The defendant's religion teaches that the original church was not made of mortar and stone, but with the spirit of God alone. As creation unfolded, the spirit housed itself in different forms, which became churches. Man was the first body into which the spirit of God entered and thus man became the first church in a physical form.

 The Groove Line Production Fund Church does not solicit donations, but rather supports itself by the labor of its ministers. Thus, all ministers take a vow of poverty and pledge all future income to the Church. The defendant claims that by virtue of his vow of poverty, he has no personal income. All money produced from his secular job is turned over to the Church and used exclusively for religious purposes. The Church, in turn, supports him.

 A member of a religious order under a vow of poverty is not immune from paying federal income tax by reason of his clerical status or his vow of poverty. McGahen v. Commissioner, 76 T.C. 468 (1981), aff'd 720 F.2d 664 (3d Cir. 1983). It is a basic rule of tax law that an assignment by a taxpayer of compensation for services is ineffectual to relieve the taxpayer of tax liability regardless of the motivation behind the assignment. Lucas v. Earl, 281 U.S. 111, 50 S. Ct. 241, 74 L. Ed. 731 (1930). Although he made a vow of poverty, the manner in which the defendant conducted his financial affairs was the same as it was before he was ordained. No actual limitations were imposed on the use of his earnings, there was no accounting and he used the Church account as if it were his personal checking account. It is clear that the defendant earned and spent his wages in his individual capacity. He simply attempted to avoid taxation by donating his income to the Church and then using the same as he saw fit.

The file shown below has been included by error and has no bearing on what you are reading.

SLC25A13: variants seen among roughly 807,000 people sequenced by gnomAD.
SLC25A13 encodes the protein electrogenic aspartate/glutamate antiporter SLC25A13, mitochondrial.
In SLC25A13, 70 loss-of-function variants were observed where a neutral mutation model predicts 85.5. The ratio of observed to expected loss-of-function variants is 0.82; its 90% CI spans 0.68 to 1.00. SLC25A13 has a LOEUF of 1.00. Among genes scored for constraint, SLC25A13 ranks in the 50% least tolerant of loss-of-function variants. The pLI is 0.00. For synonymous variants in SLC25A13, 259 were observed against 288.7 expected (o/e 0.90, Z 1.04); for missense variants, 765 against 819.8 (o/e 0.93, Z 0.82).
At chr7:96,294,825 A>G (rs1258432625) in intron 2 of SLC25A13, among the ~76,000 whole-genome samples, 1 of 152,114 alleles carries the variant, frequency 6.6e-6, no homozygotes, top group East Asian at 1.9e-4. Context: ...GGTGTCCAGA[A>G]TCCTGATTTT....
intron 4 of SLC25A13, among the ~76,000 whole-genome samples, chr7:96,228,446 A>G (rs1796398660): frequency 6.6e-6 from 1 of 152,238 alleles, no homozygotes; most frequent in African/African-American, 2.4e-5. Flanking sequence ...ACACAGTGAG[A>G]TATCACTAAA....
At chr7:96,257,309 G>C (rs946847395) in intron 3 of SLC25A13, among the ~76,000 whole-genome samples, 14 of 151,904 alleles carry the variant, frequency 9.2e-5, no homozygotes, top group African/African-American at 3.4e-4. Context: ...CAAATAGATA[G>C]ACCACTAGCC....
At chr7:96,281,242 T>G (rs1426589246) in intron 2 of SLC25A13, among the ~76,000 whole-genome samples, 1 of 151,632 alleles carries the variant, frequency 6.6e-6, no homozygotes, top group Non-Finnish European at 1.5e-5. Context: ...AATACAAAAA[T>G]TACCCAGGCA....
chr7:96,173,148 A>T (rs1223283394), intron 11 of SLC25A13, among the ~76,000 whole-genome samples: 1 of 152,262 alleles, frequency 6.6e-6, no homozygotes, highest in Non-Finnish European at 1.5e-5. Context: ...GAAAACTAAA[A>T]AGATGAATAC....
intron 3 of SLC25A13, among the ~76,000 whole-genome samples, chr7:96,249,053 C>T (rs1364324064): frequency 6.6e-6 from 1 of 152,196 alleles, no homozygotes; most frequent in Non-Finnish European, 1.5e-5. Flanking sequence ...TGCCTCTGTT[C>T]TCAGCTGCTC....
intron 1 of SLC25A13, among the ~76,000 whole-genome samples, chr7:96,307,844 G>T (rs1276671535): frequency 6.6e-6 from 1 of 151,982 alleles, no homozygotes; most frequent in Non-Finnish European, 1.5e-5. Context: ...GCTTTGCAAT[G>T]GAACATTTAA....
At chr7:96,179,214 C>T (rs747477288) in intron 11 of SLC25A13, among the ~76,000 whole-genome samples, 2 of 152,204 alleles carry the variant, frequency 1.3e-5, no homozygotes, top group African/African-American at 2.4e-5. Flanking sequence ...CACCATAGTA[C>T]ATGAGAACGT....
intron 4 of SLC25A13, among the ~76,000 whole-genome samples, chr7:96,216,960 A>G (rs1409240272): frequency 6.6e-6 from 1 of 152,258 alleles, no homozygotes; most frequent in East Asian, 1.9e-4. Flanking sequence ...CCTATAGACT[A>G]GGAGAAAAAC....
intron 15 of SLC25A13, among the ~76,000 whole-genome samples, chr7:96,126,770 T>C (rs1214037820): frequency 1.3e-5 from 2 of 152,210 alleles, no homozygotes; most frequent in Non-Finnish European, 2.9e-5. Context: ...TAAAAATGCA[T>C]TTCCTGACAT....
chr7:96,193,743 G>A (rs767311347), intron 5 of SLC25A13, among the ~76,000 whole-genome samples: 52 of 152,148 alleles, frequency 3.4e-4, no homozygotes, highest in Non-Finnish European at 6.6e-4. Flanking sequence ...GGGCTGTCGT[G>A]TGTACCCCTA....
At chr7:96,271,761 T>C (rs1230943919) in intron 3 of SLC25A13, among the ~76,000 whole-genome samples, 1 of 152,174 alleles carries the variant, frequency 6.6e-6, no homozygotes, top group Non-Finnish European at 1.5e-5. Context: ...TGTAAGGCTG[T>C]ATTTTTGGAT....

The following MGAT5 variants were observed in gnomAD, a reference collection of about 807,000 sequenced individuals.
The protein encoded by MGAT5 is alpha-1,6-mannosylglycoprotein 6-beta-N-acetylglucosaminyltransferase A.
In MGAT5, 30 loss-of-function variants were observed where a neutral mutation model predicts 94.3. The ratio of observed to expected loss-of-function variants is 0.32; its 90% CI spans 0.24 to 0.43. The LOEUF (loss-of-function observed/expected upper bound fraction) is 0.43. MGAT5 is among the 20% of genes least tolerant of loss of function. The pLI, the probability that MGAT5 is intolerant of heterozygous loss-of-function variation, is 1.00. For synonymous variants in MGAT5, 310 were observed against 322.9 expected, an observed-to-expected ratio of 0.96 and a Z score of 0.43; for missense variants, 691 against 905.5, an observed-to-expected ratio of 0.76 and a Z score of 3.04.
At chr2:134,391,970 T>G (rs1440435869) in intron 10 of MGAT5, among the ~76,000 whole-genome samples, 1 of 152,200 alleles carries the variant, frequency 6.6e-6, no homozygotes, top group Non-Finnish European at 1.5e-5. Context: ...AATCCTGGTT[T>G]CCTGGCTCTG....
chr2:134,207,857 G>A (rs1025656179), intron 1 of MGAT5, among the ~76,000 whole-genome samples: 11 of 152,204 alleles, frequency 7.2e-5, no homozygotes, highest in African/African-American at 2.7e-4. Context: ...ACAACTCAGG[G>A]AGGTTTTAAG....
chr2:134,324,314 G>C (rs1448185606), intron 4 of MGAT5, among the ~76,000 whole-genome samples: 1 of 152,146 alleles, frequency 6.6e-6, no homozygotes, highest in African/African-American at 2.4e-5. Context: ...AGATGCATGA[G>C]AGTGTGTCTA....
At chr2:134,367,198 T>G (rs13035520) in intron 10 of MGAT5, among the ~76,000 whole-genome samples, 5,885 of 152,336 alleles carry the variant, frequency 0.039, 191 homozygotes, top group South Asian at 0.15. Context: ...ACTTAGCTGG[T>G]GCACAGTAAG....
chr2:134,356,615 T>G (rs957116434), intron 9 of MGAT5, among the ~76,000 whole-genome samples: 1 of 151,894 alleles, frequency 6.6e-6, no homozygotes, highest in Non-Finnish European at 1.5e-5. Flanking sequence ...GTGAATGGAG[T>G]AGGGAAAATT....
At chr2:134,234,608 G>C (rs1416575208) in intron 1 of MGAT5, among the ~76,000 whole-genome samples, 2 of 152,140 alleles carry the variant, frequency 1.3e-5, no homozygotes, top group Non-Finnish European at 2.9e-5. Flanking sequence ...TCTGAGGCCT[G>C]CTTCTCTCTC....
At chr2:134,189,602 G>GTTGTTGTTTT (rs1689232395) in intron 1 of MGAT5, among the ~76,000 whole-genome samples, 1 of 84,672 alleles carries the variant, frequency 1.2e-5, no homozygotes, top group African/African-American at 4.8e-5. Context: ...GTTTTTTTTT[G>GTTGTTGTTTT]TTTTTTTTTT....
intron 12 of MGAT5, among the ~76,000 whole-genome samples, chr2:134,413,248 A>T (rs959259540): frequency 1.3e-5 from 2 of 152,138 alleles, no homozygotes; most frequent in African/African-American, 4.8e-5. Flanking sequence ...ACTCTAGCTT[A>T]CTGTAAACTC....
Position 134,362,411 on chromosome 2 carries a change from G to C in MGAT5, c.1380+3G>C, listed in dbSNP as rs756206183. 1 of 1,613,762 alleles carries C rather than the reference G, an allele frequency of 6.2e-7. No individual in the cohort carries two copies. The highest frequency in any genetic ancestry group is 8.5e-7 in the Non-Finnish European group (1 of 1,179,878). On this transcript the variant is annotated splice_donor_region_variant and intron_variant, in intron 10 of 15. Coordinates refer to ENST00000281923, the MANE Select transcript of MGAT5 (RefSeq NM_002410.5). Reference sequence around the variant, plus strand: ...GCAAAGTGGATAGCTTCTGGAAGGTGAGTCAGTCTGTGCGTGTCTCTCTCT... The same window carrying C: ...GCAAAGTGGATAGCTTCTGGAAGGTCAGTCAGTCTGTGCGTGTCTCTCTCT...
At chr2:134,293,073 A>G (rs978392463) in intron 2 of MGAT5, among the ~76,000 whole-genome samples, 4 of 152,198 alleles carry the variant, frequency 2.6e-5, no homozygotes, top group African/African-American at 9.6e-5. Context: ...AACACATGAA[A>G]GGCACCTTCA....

The defendant's witnesses vehemently testified that the religious teachings of the Groove Line Production Fund Church do not concern taxes and that its members are not tax protestors. We have no reason to doubt the sincerity of those witnesses or of the defendant's religious beliefs. It is clear, however, that the defendant willfully took affirmative steps to avoid the payment of income tax on secular income, and the government has met its burden of proof.

 We turn now to the defendant's constitutional defenses. He claims that the free exercise clause of the first amendment mandates a finding of innocence. He argues in general terms that the imposition of a tax on his wages somehow impinges upon his right to be a church.